Fatman opens up a carton of yuletide whoop-a*s. Its blue-collar Santa Claus, played by Mel Gibson at his most haggard and Quint-like, is a small business owner whose bottom line gets a little closer to the bottom every year. This financial burden results from his unique business arrangement: he gets paid per present delivered, whereas coal is on the house. Usually, this is a fair deal, but in a world with fewer well-behaved boys and girls, Santa’s not bringing in what he’s putting out. Not only are you disappointing your parents, little Timmy, but you’re also driving Santa below the poverty line.
After a brat of means (Chance Hurstfield) receives a lump of coal, he uses those means to hire a hitman (Walton Goggins). As it happens, the assassin already holds a grudge against Santa and doesn’t need any persuading to collect his head. His hatred runs so deep he spends most of the day working at a pawnshop, buying Santa-made presents from adults who need the cash. It’s a twisted way of pouring alcohol on a childhood wound. Meanwhile, Santa’s financial woes have him hanging out at the local bar, lamenting the state of the world like every other old man who’s outlived his life. You might think our sad-sack Santa doesn’t stand a chance against a vindictive hitman, but take another look at the forearms on Mel Gibson.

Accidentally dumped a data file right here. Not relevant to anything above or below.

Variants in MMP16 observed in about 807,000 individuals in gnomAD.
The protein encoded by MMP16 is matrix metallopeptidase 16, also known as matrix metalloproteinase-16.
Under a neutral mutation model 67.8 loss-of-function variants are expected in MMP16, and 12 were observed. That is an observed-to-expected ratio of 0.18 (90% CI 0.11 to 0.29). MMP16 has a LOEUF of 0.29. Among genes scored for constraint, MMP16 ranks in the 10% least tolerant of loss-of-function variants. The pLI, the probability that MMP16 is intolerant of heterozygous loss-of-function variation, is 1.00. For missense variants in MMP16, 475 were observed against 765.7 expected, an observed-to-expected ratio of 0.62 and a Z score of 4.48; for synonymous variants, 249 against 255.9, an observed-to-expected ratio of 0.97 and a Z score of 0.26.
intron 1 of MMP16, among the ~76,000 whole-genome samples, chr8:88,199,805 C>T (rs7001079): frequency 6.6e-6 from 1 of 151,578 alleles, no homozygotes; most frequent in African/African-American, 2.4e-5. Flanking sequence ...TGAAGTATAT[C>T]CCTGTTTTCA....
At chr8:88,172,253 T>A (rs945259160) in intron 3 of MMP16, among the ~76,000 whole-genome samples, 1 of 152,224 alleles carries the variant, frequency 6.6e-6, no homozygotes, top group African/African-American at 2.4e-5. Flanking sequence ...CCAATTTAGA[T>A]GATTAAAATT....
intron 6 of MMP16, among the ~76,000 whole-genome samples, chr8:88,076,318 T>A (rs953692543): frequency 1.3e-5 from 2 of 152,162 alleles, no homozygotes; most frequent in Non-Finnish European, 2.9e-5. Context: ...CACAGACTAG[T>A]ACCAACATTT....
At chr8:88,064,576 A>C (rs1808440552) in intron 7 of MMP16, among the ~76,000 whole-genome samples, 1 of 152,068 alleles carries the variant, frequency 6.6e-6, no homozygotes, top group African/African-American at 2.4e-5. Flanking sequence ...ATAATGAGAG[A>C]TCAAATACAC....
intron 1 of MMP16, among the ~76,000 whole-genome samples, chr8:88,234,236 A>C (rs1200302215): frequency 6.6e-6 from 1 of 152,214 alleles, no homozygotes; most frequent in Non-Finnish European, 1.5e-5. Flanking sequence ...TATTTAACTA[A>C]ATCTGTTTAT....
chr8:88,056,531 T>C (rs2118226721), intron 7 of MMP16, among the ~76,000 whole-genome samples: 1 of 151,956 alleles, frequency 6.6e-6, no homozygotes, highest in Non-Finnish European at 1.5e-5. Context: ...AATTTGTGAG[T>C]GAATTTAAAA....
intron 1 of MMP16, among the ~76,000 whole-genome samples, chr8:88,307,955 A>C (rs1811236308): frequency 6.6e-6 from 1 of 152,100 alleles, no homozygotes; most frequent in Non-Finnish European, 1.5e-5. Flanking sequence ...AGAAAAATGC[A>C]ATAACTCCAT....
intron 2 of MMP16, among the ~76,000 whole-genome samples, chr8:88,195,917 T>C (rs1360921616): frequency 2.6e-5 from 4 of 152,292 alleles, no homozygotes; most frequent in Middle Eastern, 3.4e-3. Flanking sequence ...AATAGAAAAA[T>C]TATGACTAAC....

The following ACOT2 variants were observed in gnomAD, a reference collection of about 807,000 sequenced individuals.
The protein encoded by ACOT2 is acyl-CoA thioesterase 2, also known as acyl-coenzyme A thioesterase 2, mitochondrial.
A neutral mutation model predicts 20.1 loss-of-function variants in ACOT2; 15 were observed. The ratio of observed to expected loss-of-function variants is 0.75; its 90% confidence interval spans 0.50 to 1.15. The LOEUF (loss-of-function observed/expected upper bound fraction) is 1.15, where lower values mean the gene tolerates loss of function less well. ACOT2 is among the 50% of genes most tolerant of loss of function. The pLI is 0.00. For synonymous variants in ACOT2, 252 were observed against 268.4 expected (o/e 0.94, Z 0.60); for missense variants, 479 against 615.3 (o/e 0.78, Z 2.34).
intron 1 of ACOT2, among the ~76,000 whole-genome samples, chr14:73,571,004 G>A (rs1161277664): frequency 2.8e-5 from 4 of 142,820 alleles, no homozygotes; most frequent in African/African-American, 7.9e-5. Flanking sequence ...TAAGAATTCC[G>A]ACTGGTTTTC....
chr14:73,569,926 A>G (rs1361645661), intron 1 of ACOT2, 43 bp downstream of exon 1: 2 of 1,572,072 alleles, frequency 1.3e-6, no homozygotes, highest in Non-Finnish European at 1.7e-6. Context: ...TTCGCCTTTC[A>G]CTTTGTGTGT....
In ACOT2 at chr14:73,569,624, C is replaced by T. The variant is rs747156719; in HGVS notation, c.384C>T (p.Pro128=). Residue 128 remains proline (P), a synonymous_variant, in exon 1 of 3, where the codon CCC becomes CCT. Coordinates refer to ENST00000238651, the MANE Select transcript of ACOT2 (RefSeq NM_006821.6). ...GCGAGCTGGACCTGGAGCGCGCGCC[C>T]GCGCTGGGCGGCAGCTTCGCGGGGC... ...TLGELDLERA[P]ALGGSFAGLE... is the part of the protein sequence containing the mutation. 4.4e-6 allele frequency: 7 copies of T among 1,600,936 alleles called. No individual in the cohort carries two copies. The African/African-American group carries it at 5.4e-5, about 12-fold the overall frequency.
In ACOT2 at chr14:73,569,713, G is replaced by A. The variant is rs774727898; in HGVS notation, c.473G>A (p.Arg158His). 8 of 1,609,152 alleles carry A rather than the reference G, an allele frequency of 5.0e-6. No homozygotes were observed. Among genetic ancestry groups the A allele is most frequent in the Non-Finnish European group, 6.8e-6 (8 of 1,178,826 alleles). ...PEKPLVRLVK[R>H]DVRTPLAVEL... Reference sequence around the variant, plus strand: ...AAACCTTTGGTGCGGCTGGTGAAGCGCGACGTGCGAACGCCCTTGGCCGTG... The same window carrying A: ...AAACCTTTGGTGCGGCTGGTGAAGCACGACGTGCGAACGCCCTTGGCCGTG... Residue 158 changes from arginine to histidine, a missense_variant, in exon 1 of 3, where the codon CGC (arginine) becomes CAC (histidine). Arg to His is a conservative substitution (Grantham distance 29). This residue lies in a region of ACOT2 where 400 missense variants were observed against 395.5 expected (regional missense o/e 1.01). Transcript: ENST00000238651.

All Fatman comes down to is how well it can maintain a straight face and slip in the laughs without ever breaking character. For the most part, it’s successful. In the brat’s lair, for instance, is a massive portrait of Napoleon Bonaparte, a hero to small people everywhere. In a montage of the hitman’s training, he breaks his sparring partner’s arm; as everyone rushes to the man’s aid, the hitman quickly stands up and lets everyone know it was intentional. Goggins’ delivery is of a sociopathic child seeking acceptance in all the wrong places—an incredibly specific tone that’s funnier than you’d think.
“…the assassin already holds a grudge against Santa…”
Over at Santa’s workshop, you can expect yet another amusing spin on the Christmas legend. Instead of a whimsical workspace adorned with pastels and ribbons, the elves work in what looks like an actual factory where stuff would be made, though the workbenches and conveyor belts are a bit closer to the ground. Since the gift-giving business isn’t cutting it, Santa is forced to take on a military contract—one of Fatman‘s funniest segments. After Christmas is over and the toys are all shipped off, the elves are informed that they will begin building control panels for fighter jets. Under new management from the military, the elves are forced to cut the bells from their shoes so they don’t set off the newly installed metal detectors. Yes, I believe we have another entry into the yearly Christmas movie rotation.
What holds the movie back is its hesitancy to get wild or, you know, live up to the promise of its entire concept. Despite its storyline, the film always keeps one foot on solid ground, for no good reason. While the Santa character is given the full Gibson gravitas—let’s get some Milius in that man’s mouth while they’re both alive—the writing doesn’t cut deep enough to where you can invest in the character. You don’t want to, but the movie keeps pushing it.
If you’re hoping Fatman is an explosive, hog wild bullet storm of Christmas camp, dial back your expectations. There’s always next year. If you’re good, that is.
"…the film always keeps one foot on solid ground, for no good reason."